By Lori Robertson
Posted on October 20, 2021
In TV ads, the pharmaceutical industry claims congressional plans to allow the federal government to negotiate drug prices in Medicare would deny beneficiaries’ access to medicines their doctors prescribe. Experts say that’s unlikely, and an inaccurate portrayal of recent legislation.
Under current law, the federal government is barred from negotiating prices with drug manufacturers for Medicare. Instead, the prescription drug program, called Part D, consists of many privately run plans that conduct their own negotiations and each set their own formulary, or list of drugs they cover — though they are required by Medicare to cover many medications.
The relevant provision of the law is called the noninterference clause. It says the secretary of the Department of Health and Human Services “may not interfere with the negotiations between drug manufacturers and pharmacies and PDP [prescription drug plan] sponsors” and “may not require a particular formulary or institute a price structure for the reimbursement of covered part D drugs.”
Many politicians say it’s long past time to create an exception to that clause, allowing the secretary to negotiate prices for some drugs, in order to lower the high cost of medicines in the U.S. and save both the government and seniors money.
Estimates vary on how much more U.S. consumers pay for prescription drugs than many other countries. When we wrote about this issue in 2017, one expert told us on average brand-name drugs were about 10% to 40% more in the U.S. than in similar industrialized countries. But individual drugs can vary considerably.
More recently, a 2021 RAND report, funded by HHS, said that U.S. prescription drug prices in 2018 were 256% of the prices in 32 comparison countries in the Organization for Economic Cooperation and Development, when considering all the drugs available in the U.S. and those countries. For brand-name originator drugs, meaning drugs manufactured by the company that first got approval for that drug, U.S. prices were 344% those in the comparison countries, while generics were cheaper in the U.S. — at 84% the prices in the other countries.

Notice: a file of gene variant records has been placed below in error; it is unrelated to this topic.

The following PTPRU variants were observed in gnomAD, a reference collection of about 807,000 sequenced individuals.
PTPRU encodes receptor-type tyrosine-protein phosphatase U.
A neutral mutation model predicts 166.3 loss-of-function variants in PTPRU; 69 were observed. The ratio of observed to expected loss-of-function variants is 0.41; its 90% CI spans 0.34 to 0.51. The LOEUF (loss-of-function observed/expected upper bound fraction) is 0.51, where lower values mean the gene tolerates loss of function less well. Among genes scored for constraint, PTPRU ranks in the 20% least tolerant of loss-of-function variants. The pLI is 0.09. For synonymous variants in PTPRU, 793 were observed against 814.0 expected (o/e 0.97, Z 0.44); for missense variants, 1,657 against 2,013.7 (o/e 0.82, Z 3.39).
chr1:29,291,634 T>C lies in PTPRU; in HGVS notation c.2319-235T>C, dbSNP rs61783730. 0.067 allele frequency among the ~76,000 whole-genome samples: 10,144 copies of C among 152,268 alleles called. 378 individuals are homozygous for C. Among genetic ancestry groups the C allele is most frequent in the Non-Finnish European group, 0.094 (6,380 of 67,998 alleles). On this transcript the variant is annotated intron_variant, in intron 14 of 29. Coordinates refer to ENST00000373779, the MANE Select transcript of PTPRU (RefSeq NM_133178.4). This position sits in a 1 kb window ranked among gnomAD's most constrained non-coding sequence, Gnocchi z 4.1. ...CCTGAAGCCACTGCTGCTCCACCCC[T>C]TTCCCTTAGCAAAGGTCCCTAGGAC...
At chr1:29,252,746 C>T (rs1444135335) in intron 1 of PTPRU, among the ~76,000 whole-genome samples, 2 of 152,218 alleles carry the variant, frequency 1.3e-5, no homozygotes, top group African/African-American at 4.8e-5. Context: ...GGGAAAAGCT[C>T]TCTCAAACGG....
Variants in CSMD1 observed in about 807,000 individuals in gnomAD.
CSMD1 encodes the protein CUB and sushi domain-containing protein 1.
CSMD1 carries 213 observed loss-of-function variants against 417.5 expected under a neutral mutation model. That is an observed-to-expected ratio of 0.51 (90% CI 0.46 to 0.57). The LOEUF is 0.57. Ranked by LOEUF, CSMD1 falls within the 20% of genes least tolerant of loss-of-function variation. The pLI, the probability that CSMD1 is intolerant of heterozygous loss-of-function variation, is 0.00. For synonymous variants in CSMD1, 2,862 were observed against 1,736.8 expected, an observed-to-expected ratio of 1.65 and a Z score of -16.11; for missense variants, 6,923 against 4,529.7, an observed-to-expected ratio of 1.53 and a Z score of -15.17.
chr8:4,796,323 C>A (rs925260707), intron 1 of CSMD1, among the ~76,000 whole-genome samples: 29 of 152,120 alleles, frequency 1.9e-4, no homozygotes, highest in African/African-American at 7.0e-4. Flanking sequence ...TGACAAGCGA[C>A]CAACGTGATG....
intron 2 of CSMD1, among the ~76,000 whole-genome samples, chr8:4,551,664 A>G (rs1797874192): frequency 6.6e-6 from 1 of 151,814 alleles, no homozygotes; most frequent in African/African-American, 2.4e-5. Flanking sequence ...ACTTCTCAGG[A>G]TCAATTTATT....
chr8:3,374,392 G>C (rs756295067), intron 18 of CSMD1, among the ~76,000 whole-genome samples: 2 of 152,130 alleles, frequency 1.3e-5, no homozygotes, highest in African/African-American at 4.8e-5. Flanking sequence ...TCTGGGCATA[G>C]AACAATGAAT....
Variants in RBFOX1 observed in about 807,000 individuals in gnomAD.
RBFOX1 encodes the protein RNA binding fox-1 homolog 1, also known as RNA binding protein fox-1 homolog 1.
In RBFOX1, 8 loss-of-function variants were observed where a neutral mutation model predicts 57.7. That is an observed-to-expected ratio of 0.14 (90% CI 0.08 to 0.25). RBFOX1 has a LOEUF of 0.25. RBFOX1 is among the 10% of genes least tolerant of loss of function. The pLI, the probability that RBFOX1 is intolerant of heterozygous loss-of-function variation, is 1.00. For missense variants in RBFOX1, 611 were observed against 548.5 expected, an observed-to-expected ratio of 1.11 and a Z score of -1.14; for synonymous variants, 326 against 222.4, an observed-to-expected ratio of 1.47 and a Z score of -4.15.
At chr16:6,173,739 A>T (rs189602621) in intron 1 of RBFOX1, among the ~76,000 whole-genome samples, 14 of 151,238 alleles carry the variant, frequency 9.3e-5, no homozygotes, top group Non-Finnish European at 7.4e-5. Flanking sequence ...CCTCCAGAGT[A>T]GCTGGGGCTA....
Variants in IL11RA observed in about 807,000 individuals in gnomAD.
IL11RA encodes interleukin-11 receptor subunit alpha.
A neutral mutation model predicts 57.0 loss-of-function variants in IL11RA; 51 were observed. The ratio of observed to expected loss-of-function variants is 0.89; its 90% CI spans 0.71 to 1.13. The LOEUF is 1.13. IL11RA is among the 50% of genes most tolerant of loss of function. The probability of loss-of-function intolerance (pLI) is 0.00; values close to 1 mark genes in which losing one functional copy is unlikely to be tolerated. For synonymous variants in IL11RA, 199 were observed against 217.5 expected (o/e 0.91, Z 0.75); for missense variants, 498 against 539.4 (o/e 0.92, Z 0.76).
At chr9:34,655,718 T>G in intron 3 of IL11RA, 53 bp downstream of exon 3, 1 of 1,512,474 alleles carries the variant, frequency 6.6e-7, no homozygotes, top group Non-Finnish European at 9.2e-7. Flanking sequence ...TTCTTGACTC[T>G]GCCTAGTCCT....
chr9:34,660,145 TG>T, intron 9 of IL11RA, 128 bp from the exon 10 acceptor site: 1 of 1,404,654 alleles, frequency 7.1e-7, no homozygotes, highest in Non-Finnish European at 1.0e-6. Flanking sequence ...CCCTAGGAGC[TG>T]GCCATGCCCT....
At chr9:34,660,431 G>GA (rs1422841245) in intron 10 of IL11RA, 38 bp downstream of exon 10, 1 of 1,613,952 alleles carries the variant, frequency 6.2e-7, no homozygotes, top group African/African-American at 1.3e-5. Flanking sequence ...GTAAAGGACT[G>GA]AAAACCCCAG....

The leading legislative proposal now — H.R. 3 — passed the House in December 2019, but went nowhere in the Senate. It was reintroduced in April. It’s unclear if Democrats will include that proposal — or a different one on Medicare drug negotiation — in the broad reconciliation bill they are crafting. The Biden administration has backed the policy idea, though a proposal it released on Sept. 9 included very few specifics on how this should be done.
But the pharmaceutical industry remains opposed to any effort to allow Medicare to negotiate drug prices.
Recent TV ads — paid for by PhRMA, the Pharmaceutical Research and Manufacturers of America trade association — raise a familiar claim in debates about changing Medicare: rationing.
“Politicians say they want to negotiate medicine prices in Medicare, but make no mistake,” one TV spot begins. “What politicians mean is that they’ll decide which medicines you can and can’t get regardless of what your doctor prescribes, regardless of which medicine has been working, regardless of what new treatments become available.” (Another version of the ad is also on social media.)
Another features a woman named Sue from Ohio. Sue says she’s a diabetic and that “some in Congress … want to repeal a protection in Medicare that protects access to my medicines. They call it negotiation but it really means the government decides what medicines I can get.”
But the House bill wouldn’t repeal the noninterference clause.